There are all sorts of tourism niches out there. You’ve heard of people traveling for food, shopping, golf, medical treatments, maybe even to visit war zones, disaster sites or the graves of dead celebrities. There’s also a lot of unsavory stuff out there that sways me from my usual stance that anything that motivates a person to get a passport, hop on a plane and get out of the usual milieu is a great thing. But let’s skip that for another day. I want to introduce you to a few tourism niches that I find genuinely interesting, potentially enriching and maybe just a bit nerdy.
Atomic Tourism Right now, there are people taking a tour into the 1,000-square mile Exclusion Zone established to keep people away from the wreckage of the Chernobyl nuclear power plant. Tourists are heading to Ukraine to fork over rubles to go into one of the most ghostly areas ever – the abandoned city of Pryp’yat’. They’re braving high background radiation levels (this recent blog post will show readings from a Geiger counter at various places).
There are other sites that can take you straight back to the Atomic Age, from the excellent Titan Missile Museum in Arizona to the White Sands National Monument. Personally, I’d absolutely love to take a trip into the Exclusion Zone, mostly to see what happens to a city when humans all but abandon it; believe it or not, there are still people who squat in the Exclusion Zone for all sorts of reasons. Here’s another fascinating article about the Exclusion Zone.
I wrote about this awhile back, and I’m still fascinated by the idea of going places to hear things. And I’m not talking about concerts. In some cases, sound tourism is about not hearing things – it’s about silence The Sonic Wonders website has a great collection of ideas for people interesting in sound tourism (definitely one of the tourism niches that interests me most). The booming sand dunes are closest to me over in California. The site also lists Jökulsárlón Floating Icebergs and the creaks from the little icebergs. Some of the more interesting natural sounds I’ve heard while traveling have been the sound of water flowing under a glacier, and the rumble of huge cinders belching out of Arenal Volcano in Costa Rica. Oh, and howler monkeys make a really eerie “woofing” sound. Urban Exploration This is one of those tourism niches for people who think creepy equals cool. If you’ve ever wanted to poke your nose into an abandoned building or spend the day mapping out an abandoned subway tunnel, this is for you.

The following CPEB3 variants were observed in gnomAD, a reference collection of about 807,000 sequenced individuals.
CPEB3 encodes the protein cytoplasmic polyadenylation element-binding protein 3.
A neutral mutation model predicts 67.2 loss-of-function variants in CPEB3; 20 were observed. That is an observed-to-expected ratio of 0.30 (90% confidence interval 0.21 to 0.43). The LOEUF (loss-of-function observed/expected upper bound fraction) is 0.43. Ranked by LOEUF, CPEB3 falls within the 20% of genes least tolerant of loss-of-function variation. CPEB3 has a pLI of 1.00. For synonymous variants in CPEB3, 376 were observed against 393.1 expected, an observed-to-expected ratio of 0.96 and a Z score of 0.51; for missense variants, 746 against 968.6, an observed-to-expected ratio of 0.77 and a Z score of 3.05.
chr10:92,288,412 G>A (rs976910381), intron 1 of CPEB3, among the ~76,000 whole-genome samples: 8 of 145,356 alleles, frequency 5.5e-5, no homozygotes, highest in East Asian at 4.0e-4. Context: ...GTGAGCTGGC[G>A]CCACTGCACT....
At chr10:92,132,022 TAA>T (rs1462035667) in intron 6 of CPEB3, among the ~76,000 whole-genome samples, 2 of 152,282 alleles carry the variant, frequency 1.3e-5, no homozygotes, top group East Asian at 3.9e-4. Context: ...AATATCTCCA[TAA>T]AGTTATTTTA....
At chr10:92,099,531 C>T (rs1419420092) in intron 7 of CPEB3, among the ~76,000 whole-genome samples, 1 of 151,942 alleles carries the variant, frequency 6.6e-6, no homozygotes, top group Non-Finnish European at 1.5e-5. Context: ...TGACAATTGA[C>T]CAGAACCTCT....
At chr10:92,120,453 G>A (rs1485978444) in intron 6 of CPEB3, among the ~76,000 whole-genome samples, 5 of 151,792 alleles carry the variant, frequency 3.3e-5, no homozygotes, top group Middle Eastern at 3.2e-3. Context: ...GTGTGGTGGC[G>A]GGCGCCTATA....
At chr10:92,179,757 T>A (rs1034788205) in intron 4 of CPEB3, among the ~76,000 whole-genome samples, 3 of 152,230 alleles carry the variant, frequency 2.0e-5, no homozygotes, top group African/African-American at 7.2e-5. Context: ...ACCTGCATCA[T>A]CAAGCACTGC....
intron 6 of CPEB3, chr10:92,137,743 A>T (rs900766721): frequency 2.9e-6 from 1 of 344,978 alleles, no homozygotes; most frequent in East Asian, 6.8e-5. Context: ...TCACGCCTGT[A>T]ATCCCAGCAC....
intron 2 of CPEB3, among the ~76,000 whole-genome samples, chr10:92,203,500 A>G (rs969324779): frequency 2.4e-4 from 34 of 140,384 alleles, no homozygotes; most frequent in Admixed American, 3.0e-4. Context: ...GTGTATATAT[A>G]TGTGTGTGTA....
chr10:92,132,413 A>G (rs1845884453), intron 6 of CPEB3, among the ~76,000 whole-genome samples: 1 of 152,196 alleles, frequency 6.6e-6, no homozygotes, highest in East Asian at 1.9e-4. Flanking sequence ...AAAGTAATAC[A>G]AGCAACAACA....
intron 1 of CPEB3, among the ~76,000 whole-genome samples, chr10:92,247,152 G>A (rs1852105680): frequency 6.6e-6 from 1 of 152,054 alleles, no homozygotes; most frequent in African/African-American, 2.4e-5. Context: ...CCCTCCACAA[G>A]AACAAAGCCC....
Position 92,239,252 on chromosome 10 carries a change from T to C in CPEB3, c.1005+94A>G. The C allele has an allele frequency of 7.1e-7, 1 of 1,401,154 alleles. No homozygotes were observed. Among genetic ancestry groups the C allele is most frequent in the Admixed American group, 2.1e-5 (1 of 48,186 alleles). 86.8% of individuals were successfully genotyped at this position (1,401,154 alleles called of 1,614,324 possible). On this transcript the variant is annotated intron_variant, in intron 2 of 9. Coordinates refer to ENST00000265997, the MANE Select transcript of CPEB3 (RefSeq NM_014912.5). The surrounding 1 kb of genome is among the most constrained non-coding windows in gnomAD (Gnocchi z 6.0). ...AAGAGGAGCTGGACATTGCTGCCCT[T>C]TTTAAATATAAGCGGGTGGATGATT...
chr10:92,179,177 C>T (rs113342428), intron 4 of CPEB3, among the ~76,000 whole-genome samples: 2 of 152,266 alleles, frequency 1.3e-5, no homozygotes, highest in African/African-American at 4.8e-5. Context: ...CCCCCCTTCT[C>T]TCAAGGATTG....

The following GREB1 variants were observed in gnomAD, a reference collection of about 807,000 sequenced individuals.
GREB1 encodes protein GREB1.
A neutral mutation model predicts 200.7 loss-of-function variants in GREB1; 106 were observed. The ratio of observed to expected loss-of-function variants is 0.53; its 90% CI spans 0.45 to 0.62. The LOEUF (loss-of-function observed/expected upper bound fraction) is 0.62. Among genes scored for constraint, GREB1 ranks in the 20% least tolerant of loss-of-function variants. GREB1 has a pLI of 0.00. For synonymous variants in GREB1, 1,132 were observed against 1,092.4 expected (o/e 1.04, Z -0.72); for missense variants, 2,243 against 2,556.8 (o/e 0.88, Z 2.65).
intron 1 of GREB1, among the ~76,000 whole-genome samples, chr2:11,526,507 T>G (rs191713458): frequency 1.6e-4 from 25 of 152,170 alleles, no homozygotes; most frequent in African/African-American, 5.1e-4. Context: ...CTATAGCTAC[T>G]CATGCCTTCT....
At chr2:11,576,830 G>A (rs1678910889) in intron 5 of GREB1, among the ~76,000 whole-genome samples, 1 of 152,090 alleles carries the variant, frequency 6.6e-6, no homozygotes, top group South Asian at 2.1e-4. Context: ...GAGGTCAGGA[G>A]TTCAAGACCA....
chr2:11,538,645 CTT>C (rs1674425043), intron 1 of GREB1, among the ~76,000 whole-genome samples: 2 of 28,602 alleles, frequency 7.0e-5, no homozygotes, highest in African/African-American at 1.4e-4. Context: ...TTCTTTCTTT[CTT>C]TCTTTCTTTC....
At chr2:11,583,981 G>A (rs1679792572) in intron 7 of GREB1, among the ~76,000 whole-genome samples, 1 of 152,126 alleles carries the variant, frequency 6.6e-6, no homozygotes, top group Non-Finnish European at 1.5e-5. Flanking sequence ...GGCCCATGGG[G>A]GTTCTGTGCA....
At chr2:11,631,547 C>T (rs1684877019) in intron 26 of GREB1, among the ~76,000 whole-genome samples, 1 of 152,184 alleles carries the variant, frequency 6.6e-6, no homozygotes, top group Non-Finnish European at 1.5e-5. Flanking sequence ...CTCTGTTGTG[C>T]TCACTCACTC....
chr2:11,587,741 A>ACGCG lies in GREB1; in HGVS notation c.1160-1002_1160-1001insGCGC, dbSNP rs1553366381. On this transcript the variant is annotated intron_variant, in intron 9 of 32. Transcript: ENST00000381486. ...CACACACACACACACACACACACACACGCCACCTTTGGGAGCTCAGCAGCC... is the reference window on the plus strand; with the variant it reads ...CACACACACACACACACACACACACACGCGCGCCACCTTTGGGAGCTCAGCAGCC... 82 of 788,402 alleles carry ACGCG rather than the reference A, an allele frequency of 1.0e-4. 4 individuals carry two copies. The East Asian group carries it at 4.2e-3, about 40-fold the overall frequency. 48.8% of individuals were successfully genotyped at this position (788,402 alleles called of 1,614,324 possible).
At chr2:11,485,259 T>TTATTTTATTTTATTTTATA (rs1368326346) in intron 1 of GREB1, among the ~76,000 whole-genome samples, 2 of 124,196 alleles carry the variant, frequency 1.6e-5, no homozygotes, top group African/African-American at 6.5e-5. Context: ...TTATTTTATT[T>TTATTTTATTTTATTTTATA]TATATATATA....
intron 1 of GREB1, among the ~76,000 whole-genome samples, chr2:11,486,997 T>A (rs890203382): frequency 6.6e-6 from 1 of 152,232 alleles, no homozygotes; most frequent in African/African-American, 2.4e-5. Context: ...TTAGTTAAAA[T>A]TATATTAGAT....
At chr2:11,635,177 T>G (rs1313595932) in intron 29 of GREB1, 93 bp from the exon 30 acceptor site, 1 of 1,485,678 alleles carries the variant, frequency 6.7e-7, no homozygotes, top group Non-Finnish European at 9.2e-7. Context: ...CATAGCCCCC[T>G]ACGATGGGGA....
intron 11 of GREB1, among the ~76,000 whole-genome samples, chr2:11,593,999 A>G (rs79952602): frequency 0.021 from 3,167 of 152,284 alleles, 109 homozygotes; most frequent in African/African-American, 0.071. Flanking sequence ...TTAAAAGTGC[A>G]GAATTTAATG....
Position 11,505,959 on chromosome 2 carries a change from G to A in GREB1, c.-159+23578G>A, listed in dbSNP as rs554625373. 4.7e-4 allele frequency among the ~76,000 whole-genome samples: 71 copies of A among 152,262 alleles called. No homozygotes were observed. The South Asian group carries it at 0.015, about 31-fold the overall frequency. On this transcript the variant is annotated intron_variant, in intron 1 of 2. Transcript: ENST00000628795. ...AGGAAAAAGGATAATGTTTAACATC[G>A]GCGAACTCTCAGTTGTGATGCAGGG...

If you turn to the right information sources, you’ll discover all sorts of places in your urban environment are waiting for you to arrive armed with flashlights. Urban exploration does carry some high risks – arrest, accidents, even encounters with people who calls these “abandoned” areas home. Still, it’s all pretty tempting. I know of an entire largely forgotten underground portion of Phoenix that even has a bowling alley. And there has to be a lot more that nobody talks about – the same probably goes for your home city. Urban exploration reminds me a bit of caving. Enthusiasts don’t like to share their secrets with the masses. But here’s a good place to start.
Volcano Tourism Out of all the odd tourism niches, this is probably my favorite. The forces that shape the world fascinate me. I’ve stood on mountains that are emitting sulfuric fumes. I’ve looked into recently erupted volcanoes. I’ve seen the aftermath of catastrophic explosions (the blown-out visage of Red Crater in the Tongariro National Park is my favorite example). It really makes me realize how much power geographic forces possess.
If you’d like to see volcanic forces first-hand, I recommend Iceland, New Zealand and Hawaii. I would also have recommended the oddball volcano Ol Doinyo Lengai in Tanzania. National Geographic wrote an amazing piece about 10 years ago all about its unusual black, free-flowing, low-temperature lava. But an explosion blew the Tim Burton-esque landscape that was once at its summit into oblivion. Enjoy the photos, anyway. And there’s also a place in Guatemala where you can ride a sled down a volcano’s cinder landscape. Here’s a source for planning your own volcanic vacation.